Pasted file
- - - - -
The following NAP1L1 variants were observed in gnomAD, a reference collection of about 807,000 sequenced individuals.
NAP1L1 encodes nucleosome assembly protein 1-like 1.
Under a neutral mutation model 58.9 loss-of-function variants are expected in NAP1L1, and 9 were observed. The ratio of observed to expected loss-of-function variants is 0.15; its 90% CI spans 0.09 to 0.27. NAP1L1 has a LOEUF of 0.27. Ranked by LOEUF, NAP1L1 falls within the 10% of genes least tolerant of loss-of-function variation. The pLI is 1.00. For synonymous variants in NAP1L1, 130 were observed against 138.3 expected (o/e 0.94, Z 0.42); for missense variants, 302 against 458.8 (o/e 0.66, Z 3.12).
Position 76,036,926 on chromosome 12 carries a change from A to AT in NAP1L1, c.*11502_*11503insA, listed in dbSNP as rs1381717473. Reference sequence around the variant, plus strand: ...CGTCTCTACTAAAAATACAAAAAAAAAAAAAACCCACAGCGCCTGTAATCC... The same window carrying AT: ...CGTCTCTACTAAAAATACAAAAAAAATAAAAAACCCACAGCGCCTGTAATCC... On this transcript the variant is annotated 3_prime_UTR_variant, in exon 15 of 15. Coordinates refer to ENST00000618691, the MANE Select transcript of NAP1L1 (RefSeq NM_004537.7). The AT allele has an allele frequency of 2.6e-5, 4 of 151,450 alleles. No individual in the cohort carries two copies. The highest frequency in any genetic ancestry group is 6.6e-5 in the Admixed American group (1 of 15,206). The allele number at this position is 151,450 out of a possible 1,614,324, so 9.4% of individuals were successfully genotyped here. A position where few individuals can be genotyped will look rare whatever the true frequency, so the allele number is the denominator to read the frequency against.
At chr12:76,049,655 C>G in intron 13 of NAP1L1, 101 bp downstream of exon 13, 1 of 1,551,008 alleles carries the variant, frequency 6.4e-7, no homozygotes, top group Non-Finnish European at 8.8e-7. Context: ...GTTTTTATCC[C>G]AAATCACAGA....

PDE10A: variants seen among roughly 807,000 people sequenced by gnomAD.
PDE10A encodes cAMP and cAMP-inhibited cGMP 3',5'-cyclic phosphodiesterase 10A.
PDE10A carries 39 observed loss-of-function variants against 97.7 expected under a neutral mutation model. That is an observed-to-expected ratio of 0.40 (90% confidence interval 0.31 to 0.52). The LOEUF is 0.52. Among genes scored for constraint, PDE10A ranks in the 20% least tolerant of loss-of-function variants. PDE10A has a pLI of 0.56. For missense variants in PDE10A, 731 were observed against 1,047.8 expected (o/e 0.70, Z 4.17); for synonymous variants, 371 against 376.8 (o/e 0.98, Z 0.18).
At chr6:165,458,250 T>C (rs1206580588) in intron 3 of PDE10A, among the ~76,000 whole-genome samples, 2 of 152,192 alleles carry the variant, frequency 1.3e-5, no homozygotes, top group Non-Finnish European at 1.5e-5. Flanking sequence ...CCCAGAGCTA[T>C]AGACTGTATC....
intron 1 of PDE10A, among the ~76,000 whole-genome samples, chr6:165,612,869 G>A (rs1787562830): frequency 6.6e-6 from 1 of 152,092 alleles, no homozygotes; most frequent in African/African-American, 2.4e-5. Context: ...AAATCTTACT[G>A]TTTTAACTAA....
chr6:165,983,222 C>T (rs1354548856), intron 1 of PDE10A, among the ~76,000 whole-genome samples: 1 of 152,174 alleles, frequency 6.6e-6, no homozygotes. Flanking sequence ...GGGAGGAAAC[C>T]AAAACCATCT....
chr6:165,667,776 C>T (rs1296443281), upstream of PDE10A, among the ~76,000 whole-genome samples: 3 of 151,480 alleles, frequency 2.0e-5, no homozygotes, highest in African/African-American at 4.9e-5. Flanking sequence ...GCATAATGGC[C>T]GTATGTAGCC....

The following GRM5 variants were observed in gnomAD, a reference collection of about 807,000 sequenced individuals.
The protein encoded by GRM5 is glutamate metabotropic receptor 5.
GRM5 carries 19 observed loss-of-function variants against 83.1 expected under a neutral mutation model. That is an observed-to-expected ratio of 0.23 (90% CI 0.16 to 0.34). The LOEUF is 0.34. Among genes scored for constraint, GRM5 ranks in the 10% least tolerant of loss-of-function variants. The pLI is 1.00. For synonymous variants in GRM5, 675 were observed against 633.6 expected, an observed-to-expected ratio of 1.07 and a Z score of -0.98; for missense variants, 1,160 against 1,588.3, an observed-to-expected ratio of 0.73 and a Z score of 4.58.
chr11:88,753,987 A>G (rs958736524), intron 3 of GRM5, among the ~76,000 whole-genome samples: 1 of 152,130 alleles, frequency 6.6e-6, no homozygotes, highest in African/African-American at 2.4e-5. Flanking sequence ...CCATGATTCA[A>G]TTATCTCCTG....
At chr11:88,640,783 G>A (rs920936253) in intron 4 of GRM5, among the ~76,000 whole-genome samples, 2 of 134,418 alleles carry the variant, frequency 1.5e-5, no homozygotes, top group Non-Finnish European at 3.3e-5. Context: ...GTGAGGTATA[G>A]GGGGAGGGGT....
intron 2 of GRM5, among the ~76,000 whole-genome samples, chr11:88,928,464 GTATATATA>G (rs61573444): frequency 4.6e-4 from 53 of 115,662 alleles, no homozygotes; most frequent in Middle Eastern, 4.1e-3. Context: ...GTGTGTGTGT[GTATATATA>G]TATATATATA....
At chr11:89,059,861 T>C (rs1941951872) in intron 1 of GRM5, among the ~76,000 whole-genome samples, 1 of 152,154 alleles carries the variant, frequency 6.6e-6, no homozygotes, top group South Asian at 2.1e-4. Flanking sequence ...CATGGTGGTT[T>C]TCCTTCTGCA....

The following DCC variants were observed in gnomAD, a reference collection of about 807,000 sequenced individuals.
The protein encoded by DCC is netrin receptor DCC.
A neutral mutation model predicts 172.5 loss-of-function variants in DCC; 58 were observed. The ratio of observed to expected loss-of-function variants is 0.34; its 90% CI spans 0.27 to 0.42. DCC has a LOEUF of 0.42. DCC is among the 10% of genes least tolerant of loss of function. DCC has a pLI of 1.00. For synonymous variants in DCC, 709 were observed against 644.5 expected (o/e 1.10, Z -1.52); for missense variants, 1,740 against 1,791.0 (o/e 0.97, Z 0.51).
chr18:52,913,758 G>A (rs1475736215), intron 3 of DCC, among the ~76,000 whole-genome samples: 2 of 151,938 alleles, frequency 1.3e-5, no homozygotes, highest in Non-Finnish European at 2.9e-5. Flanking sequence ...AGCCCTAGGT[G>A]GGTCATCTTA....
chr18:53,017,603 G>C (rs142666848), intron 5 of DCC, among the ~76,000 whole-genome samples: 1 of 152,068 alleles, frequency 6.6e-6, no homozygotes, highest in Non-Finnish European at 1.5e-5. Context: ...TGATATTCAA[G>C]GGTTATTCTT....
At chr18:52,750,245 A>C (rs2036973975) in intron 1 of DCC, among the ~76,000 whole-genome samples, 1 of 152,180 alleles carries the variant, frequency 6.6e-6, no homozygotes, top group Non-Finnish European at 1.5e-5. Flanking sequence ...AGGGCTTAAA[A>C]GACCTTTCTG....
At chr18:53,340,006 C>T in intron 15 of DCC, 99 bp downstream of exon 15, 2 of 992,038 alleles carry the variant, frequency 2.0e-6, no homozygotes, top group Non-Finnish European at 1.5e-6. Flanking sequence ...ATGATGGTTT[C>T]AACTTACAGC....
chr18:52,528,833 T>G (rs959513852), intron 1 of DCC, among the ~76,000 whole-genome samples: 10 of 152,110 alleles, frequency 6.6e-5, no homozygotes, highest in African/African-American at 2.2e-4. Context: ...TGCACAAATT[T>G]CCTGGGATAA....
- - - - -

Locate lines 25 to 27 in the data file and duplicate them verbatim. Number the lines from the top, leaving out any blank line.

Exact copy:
At chr18:52,750,245 A>C (rs2036973975) in intron 1 of DCC, among the ~76,000 whole-genome samples, 1 of 152,180 alleles carries the variant, frequency 6.6e-6, no homozygotes, top group Non-Finnish European at 1.5e-5. Flanking sequence ...AGGGCTTAAA[A>C]GACCTTTCTG....
At chr18:53,340,006 C>T in intron 15 of DCC, 99 bp downstream of exon 15, 2 of 992,038 alleles carry the variant, frequency 2.0e-6, no homozygotes, top group Non-Finnish European at 1.5e-6. Flanking sequence ...ATGATGGTTT[C>T]AACTTACAGC....
chr18:52,528,833 T>G (rs959513852), intron 1 of DCC, among the ~76,000 whole-genome samples: 10 of 152,110 alleles, frequency 6.6e-5, no homozygotes, highest in African/African-American at 2.2e-4. Context: ...TGCACAAATT[T>G]CCTGGGATAA....